How Severance Created A Warped Workplace For A Founder God [Interview]

"Severance" is an amazing show in almost every respect, and one of those ways is the jarring look and feel of the severed floor where Mark S. (Adam Scott) and his fellow MDR employees spend their entire existence.

For the show's production designer Jeremy Hindle, that claustrophobic-yet-expansive aesthetic was intentional, a way to show that the severed employees were being observed without having surveillance cameras front and center. "They're lab rats," he told /Film, about Mark S. and the show's other severed characters. "They're these little children being birthed into the office, and they're being experimented on."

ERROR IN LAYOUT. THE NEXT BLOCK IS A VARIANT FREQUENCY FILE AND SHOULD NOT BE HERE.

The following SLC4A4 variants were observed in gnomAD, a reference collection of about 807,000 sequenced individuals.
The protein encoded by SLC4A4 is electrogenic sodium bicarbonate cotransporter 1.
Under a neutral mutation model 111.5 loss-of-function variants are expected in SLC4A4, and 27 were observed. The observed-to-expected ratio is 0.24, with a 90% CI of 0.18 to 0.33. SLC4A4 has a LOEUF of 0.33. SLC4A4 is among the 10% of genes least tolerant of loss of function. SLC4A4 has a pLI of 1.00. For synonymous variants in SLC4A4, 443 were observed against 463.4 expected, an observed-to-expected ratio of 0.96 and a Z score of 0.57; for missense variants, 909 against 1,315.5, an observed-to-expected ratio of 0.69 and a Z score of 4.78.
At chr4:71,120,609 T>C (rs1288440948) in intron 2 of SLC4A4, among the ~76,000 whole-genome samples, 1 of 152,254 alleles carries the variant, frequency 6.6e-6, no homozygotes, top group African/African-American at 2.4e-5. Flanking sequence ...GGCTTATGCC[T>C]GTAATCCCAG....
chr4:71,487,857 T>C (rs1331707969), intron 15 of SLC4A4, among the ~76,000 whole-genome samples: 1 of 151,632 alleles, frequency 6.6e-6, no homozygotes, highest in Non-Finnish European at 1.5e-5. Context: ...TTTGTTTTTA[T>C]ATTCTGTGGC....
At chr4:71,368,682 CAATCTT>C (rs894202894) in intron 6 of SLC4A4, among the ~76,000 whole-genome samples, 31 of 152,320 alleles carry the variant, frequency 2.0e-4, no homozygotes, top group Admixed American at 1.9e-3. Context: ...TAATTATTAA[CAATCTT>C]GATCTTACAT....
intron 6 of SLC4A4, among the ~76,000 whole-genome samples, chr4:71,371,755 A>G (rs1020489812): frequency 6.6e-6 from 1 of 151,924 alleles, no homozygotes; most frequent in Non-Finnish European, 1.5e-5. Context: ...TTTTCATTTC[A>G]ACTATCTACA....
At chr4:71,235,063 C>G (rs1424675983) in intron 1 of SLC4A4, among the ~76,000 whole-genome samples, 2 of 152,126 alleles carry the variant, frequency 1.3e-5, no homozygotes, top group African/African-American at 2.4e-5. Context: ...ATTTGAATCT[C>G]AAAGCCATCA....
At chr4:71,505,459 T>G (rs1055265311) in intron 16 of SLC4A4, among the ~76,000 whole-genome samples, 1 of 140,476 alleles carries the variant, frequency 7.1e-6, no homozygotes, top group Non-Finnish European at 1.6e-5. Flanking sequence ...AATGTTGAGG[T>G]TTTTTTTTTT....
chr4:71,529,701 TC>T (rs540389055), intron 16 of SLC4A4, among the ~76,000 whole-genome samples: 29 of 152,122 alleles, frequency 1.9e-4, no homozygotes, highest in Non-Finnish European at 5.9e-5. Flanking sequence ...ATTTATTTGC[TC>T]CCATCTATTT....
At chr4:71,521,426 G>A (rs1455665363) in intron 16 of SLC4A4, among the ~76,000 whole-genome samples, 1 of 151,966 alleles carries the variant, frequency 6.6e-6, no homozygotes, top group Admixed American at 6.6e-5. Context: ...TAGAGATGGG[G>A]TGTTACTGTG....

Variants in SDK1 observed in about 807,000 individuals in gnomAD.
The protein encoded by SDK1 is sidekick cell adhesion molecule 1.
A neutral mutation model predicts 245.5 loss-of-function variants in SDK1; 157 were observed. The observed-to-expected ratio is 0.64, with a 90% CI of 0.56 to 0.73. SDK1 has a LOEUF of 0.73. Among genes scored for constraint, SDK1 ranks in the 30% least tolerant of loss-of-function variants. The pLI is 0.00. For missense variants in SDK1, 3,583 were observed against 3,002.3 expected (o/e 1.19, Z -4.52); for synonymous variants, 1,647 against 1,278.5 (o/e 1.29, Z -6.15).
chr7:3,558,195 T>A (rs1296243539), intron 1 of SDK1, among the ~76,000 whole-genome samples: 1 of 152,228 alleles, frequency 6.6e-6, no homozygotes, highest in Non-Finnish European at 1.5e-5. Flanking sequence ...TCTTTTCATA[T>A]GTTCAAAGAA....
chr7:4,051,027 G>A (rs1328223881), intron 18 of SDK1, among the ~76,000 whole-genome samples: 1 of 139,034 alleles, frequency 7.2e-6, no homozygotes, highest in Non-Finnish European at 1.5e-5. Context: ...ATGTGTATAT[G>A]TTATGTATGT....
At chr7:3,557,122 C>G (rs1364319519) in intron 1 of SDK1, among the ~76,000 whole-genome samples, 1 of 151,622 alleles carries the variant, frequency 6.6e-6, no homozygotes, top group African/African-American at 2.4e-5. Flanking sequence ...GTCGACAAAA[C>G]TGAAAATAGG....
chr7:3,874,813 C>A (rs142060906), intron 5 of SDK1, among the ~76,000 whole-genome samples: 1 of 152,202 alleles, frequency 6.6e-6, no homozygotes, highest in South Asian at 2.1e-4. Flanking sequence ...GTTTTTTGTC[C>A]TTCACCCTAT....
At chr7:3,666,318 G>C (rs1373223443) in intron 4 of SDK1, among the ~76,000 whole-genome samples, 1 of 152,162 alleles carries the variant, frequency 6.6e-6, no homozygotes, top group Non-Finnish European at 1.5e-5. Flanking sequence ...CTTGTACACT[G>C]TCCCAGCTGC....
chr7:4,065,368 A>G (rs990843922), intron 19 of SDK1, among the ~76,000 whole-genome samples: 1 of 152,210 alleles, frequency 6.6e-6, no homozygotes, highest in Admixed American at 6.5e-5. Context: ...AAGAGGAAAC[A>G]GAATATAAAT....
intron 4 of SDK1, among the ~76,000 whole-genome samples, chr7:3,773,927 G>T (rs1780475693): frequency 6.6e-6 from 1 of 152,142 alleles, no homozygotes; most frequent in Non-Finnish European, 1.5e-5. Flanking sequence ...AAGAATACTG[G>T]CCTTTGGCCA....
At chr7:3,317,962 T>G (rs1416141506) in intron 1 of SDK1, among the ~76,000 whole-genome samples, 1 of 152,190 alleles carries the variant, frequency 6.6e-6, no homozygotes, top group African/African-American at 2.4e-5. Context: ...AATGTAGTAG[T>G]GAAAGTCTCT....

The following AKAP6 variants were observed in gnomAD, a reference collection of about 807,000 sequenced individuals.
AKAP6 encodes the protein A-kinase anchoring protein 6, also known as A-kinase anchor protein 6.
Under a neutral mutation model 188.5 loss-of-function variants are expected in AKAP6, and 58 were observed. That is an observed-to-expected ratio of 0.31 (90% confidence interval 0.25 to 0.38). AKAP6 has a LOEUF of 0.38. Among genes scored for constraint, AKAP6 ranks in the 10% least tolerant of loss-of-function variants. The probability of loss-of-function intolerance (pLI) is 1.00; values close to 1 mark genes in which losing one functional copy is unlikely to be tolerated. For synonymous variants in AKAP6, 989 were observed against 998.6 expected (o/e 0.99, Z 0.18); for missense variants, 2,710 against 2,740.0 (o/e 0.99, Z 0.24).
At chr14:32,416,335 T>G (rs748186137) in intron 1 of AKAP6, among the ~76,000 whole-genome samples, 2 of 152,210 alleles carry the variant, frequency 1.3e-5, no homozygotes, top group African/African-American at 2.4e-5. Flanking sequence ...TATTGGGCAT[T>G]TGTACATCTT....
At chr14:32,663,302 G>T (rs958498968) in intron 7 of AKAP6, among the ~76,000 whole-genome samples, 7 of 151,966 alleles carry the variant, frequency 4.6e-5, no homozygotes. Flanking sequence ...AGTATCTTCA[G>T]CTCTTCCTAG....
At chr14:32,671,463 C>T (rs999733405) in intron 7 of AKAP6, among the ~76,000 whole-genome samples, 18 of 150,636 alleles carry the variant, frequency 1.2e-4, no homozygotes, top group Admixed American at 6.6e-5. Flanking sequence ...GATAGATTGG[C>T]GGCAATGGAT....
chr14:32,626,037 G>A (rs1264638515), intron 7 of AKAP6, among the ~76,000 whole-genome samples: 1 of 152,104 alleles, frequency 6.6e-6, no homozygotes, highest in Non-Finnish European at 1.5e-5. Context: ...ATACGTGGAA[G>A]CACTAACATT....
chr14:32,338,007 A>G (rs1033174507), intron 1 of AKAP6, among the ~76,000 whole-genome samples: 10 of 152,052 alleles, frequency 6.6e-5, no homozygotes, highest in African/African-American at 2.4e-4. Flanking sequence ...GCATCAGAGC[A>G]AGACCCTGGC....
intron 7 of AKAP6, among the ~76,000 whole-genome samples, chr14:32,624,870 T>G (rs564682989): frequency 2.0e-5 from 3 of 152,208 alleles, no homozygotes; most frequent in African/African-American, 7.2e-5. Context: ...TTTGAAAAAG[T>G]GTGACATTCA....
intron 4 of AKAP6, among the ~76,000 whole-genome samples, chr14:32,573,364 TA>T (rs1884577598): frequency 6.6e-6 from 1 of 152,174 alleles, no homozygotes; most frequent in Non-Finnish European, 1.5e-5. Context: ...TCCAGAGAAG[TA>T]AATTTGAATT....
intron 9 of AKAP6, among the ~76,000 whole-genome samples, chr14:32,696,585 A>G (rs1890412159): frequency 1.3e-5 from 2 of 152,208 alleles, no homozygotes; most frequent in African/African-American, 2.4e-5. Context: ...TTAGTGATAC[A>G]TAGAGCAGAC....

In an interview with /Film, Hindle shared the inspiration behind creating the twisted work areas where the founder is literally God and those who work for him are nothing more than mere minions tasked with indecipherable objectives. Read on to find out how Kier's house ended up on the severed floor, how the MDR office was meant to be a fun albeit claustrophobic playground, and where the real-life Lumon building resides.

This interview was edited and condensed for clarity.

'If you had described what you were working at, it would make no sense to anyone.'

One of the reasons I thought "Severance" was so amazing was the look and the aesthetic of the severed floor. It has a sense of being very open, but it's also very claustrophobic.

Isn't that crazy?

Yeah! How did you approach creating that and getting that feeling across the screen?